In northern town, French feel abandoned by politicians

27th March 2007, Comments 0 comments

BULLY-LES-MINES, France, March 27, 2007 (AFP) - In the heart of northern France's former mining belt, the town of Bully-les-Mines polled a record number of "no" votes in the referendum on a proposed EU constitution two years ago.

BULLY-LES-MINES, France, March 27, 2007 (AFP) - In the heart of northern France's former mining belt, the town of Bully-les-Mines polled a record number of "no" votes in the referendum on a proposed EU constitution two years ago.

Today -- at the approach of a French presidential election next month -- the "Bullygeois" express a mood of utter disillusion.

"The candidates are all the same -- powerless. They can't do anything for us, what with all the globalisation and the factories moving abroad," says Thomas Gala, a 48-year-old sweets seller.

"Ten years ago I did seven markets a week to make ends meet. Now I have to do 11. People have less money now than they did before the euro came. So they are buying less," he says.

Bully-les-Mines was the record-holder in the May 2005 referendum, polling 75 percent against the proposed treaty, compared with 55 percent of the country as a whole. At the last national elections, some 25 percent chose the far-right National Front (FN).

Like many in this town of 12,000 -- with 21 percent unemployment -- some 45 kilometres (30 miles) from the Belgian border, Gala says he has no idea who he will vote for on April 22.

"The problems here are silent ones. It is unemployment and the cost of living. Bread went up with the euro but our salaries did not. When it comes to basic things like that, the EU is a disaster," says Sonia, an unemployed 45- year-old.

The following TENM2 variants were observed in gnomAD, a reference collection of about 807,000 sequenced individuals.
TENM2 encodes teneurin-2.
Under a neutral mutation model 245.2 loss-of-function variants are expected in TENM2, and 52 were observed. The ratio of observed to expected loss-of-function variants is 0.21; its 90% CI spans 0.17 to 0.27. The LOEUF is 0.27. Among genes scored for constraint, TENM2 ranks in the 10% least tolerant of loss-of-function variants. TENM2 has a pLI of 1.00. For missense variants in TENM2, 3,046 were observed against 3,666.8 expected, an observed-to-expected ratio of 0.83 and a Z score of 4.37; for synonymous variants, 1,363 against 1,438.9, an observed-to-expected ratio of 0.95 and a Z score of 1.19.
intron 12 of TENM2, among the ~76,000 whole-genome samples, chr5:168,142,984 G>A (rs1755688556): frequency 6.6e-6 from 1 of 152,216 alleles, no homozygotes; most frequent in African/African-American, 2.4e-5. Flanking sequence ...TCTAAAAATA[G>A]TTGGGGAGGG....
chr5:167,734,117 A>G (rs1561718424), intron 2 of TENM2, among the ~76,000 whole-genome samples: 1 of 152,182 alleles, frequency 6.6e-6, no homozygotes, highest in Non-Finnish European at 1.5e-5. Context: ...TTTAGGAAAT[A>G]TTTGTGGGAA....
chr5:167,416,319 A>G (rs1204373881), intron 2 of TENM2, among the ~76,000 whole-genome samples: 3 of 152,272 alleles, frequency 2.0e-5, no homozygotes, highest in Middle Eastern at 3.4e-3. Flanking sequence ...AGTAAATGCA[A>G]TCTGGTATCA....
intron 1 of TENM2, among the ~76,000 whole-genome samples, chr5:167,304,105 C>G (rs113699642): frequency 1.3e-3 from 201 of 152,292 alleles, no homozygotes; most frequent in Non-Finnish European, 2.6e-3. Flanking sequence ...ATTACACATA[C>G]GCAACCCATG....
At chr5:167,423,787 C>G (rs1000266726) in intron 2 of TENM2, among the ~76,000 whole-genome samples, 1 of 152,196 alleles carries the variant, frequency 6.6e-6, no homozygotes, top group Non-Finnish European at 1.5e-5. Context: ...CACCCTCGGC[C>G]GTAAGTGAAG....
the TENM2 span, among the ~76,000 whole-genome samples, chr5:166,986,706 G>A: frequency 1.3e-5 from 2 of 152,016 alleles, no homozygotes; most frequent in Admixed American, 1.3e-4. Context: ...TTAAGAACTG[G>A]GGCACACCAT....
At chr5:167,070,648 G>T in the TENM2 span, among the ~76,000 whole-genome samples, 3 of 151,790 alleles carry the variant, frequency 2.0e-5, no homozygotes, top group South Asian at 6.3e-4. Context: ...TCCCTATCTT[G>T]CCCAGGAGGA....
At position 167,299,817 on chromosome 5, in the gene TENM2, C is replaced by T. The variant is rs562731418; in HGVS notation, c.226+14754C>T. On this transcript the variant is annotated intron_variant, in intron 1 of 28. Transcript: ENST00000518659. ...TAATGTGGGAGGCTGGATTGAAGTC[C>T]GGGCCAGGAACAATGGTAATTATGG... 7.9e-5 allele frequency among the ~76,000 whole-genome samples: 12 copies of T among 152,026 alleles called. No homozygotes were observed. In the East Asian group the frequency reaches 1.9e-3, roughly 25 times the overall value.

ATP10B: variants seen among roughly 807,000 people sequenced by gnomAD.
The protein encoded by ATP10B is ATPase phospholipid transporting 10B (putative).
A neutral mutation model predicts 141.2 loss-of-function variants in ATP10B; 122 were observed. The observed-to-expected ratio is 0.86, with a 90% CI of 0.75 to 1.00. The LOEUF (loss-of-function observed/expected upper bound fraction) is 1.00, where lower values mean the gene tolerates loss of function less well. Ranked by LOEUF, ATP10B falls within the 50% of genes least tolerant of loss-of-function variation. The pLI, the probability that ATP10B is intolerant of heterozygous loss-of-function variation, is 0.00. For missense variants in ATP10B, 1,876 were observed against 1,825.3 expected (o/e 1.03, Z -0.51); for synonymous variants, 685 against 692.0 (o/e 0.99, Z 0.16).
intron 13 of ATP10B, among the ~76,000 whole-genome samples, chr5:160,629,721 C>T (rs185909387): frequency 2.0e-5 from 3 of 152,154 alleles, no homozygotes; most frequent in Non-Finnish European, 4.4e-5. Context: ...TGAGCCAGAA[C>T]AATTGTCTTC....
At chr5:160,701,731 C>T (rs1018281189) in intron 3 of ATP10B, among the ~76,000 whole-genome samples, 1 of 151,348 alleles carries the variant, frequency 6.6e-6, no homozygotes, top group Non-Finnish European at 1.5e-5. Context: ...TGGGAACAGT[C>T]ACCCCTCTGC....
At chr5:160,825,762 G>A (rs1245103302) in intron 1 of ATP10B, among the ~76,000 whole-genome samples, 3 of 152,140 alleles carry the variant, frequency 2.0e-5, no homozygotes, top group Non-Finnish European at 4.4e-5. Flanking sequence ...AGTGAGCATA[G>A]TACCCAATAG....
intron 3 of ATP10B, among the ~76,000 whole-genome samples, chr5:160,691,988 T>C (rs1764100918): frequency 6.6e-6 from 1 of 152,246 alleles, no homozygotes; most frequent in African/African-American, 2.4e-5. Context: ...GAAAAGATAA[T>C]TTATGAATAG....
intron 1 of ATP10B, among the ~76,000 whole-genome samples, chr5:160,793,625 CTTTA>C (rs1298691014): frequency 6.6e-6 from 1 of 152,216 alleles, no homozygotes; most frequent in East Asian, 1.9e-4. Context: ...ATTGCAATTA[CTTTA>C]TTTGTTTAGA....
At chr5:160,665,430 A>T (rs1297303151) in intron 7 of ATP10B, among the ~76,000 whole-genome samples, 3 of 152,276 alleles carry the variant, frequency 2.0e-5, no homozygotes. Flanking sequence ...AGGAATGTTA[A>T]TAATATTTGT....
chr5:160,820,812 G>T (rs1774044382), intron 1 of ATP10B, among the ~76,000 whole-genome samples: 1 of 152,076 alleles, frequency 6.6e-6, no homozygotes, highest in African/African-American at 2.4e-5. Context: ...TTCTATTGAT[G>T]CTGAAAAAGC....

"They are moving our factories out to Romania, and the politicians don't even care," says Jean-Michel Proville, 44, a doctor who says mental health problems form a large part of his daily work.

Rene Janczak, a 49-year-old technician, voted against the Maastricht treaty in 1992 and against the constitution referendum in 2005. Today he says he is tempted by the centrist candidate for president, Francois Bayrou, the right and the left having in his eyes failed in power.

Others back the FN's Jean-Marie Le Pen, who speaks out for a "sovereign" France. Miner's daughter Henriette Humez, 56, for example, who says she hates the euro, deplores the "death" of Bully's town centre and rails against her welfare-dependent neighbours.

"They don't work, they fight and they urinate on the fence," she says.

Socialist Mayor Francois Lemaire says the "atmosphere in the town has got worse.... There is a real social drama going on, but I have no magic wand."

The right-wing opposition accuses the left of presiding over the town's degradation.

"Something needs to be done to sort out the immigration issue," says Robert Mullie, 55, who runs a transport business -- employing several Poles. He says "the most effective" candidate is the right-winger Nicolas Sarkozy.

As for the town's young people, the only issue to count is jobs.

"I am 20 and me and about 20 of my friends are all out of work," says Jerome Capet, who waits tables when he can.

"To be honest I don't give a stuff for politics. If it comes to it, I'll maybe vote for the candidate who does most for the young. But for now I don't know who it will be," he says.

Copyright AFP

Subject: French news

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